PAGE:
The level of payments made by insurers to brokers is under pressure and could rebound unfavourably on customers. David Smith explains
In a world where most insurers and brokers are making profits, major change to a key dynamic that underpins this seems a pretty silly thing to do. The level of remuneration paid by insurers to brokers is one such dynamic and the emotions it arouses can sometimes cloud sound judgment. There is a real need for commissions and overriders to fluctuate and evolve due to a variety of factors. But they have, by and large, remained in a band that allows joint profitability and represent a fair deal for customers.Brokers periodically ask for increased payments based on volume, profitability and workload/expense saving, and insurers respond (lamentably, this is usually based on volume). Things have not got too far out of kilter, but there are signs of change in some quarters.There are a number of issues and dynamics currently raising the pressure on commission and other payments. These are:
AggregationThe aggregation of premium - which equals more commission - is the fastest growing trend. While there is a certain ring of logic to the concept, the reality is somewhat different. The argument is underpinned by some myths:Volume automatically reduces insurer expenses. In itself, this is nonsense. If a broker purchases another broker then no greater volume is brought to the insurer than he had previously with the two separate organisations. If a greater share is provided and unless there is some change in the mechanics of trading, then no real expense saving is made. Even when expense saving is made, expectations are often wildly optimistic. For an insurer with an expense base of 12%, with half of that fixed, a 20% saving in the workload equates to around 1% expense saving. Insurers have been pretty poor at explaining this and even worse at acting upon it.'Good brokers' are always purchased, with a 'profitable book'. For single or low numbers of acquisitions this is possible, but for indiscriminate, multiple purchases it doesn't wash. Producing a sustainable, differential claims ratio from a disparate band of 10, 20, or 30 regional brokers is more difficult than from a single independent with firm and close management control.International brokers always get a better deal.In fact, payments to internationals are significantly lower than many of the demands made by regional market aggregators. Put in objective terms, higher commission rates of 25% to 30% for aggregation compared to base rates of 17.5% are unsustainable, not in the customer interest and unfair to brokers with lower volumes of profitable business.
OverridersOverrider payments are prevalent across the international and larger regional broker channels, the norm when a broker reaches a certain size. The vast majority are currently based on volume and profit share, the latter generally calculated on a crude incurred claims basis. More myths:Profit share is always fair and 'self funding'. Profit share for some brokers means that customers are paying inflated prices - it simply reduces overall insurer profitability which has to be made up elsewhere. This is not to say that such payments made for the true profit or value created by a broker are not justified. Let's not delude ourselves who is paying. (Such payments would be self-funding if a 'loss share' was also taken - but I've yet to see anyone ask for it.)Incurred claims figures, say 40%, mean healthy profit. A significant proportion of commercial business is long tail; incurred claims figures are meaningless. In addition, annual figures are habitually used. With current low catastrophe frequency, the 40% figure can quickly and dramatically rise even on a short-tail SME property book.Overriders can easily be explained to customers. Payments are invariably year end, based on volume and profit. Whatever words are used, such payments cannot be directly related to an individual customer. Some other method of rewarding a broker for the value brought to the insurer is needed; if the FSA doesn't enforce this, the customer will.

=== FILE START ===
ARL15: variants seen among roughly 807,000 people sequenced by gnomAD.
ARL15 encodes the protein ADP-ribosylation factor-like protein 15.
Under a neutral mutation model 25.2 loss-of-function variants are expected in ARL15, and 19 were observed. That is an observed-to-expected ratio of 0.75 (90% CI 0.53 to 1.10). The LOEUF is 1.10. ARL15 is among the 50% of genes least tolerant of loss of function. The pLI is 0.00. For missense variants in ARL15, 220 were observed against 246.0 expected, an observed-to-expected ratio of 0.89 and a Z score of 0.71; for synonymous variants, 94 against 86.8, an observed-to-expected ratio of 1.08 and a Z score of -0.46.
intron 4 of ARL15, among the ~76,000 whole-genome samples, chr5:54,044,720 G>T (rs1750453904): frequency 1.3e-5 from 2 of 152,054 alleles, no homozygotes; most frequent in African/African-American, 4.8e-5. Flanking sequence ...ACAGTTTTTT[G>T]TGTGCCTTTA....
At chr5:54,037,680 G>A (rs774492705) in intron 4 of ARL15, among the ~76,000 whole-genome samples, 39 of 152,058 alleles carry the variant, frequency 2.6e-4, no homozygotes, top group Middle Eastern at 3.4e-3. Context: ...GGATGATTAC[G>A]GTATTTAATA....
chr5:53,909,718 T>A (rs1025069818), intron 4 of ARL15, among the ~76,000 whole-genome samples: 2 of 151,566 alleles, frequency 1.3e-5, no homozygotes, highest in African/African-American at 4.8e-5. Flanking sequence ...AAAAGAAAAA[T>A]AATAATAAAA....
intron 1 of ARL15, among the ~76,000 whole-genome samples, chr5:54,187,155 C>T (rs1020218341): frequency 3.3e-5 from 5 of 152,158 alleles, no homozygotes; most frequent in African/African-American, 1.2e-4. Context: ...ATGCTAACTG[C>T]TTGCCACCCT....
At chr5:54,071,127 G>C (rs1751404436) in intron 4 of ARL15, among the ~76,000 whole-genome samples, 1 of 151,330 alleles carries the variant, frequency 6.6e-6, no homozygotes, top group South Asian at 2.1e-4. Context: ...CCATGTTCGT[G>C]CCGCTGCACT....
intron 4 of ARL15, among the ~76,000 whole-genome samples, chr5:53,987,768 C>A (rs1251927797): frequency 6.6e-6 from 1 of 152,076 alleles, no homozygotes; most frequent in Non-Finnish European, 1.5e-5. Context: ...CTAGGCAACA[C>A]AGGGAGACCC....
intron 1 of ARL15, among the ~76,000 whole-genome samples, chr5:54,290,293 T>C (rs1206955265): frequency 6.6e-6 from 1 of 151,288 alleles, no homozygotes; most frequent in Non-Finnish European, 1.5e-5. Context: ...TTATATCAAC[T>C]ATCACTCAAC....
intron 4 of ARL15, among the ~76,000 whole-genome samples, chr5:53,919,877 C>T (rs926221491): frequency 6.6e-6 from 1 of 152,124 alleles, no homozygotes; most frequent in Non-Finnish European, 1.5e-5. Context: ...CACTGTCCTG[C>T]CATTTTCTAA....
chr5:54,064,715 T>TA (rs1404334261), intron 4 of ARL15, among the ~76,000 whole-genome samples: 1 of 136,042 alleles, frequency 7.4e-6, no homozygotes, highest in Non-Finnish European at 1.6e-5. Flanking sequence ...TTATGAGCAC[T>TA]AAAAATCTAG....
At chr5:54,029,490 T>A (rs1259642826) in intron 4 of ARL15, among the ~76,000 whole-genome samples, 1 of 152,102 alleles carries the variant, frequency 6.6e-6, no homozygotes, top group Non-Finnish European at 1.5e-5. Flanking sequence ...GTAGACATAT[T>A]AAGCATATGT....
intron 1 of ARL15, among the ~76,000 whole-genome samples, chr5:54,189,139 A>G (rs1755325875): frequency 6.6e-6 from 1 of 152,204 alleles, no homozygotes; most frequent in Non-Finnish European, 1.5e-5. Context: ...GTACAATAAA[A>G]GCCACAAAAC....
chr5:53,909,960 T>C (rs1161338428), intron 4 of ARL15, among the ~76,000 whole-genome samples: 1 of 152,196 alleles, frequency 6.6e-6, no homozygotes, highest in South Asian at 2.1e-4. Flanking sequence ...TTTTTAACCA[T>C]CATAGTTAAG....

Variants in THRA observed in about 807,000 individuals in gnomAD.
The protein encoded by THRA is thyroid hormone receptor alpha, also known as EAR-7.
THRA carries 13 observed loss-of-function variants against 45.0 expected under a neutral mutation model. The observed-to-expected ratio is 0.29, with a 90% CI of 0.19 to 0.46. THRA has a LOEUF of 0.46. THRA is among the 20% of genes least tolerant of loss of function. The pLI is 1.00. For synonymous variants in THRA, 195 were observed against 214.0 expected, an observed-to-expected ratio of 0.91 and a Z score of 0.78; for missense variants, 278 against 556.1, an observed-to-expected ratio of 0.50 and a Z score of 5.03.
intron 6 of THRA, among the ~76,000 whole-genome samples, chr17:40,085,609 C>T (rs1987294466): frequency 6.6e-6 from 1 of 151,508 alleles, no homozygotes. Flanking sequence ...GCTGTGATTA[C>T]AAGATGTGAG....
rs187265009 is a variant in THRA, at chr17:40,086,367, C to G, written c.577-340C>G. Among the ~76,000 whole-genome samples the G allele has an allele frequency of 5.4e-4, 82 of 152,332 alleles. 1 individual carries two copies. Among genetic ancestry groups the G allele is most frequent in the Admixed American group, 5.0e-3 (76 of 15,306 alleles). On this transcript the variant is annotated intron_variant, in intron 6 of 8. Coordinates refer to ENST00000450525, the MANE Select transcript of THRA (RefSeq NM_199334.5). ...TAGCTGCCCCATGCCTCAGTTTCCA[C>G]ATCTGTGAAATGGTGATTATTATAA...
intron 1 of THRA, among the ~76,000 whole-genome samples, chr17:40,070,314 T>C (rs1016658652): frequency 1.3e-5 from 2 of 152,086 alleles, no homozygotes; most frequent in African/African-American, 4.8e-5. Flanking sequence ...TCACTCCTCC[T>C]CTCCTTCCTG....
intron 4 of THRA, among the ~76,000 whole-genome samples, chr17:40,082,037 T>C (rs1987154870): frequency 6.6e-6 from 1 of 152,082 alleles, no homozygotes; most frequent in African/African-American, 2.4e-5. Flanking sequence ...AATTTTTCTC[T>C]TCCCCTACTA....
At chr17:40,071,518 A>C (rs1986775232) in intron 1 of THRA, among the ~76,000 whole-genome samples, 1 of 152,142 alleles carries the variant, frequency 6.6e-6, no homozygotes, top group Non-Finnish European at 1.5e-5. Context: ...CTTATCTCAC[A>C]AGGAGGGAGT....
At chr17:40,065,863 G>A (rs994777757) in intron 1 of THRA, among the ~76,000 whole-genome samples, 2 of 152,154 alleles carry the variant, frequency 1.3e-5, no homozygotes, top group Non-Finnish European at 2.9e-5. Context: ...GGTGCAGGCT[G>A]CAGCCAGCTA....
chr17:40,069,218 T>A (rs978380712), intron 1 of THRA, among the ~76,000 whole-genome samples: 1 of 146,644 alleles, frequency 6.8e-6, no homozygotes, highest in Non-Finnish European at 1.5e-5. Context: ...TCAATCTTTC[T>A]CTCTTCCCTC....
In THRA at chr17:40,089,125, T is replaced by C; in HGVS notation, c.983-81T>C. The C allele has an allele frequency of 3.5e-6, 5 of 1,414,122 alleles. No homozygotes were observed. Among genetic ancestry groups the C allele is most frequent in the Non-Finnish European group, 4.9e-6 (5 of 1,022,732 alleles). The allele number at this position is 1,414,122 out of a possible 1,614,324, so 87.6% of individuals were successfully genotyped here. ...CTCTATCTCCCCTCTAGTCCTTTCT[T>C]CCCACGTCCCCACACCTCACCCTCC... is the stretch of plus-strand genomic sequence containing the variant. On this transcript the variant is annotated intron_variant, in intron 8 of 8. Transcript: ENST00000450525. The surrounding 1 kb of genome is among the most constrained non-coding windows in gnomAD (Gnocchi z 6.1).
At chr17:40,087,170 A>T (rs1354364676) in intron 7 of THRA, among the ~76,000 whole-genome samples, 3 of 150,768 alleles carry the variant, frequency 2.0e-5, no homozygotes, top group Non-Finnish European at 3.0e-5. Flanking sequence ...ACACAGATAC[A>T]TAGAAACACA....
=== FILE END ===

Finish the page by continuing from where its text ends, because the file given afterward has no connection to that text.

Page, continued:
TechnologyIt's been a long time coming, but there are now positive and tangible demonstrations of the use of technology to reduce expenses, whether it is via software firms or insurers' websites. The pace will be upped in the coming months by significant advances by imarket. The greatest danger is that the savings made are used to mask inefficiencies. Savings should go directly to the customer, not in additional remuneration.
Softening marketThere are often understandable reasons for calls for increased commissions in a softening market. But the need to maintain broker earnings cannot be funded via this route; it again masks inefficiency. During times when volume is reducing, insurers and brokers both have to cut costs and find new ways of achieving more with less.So what's the conclusion to all this: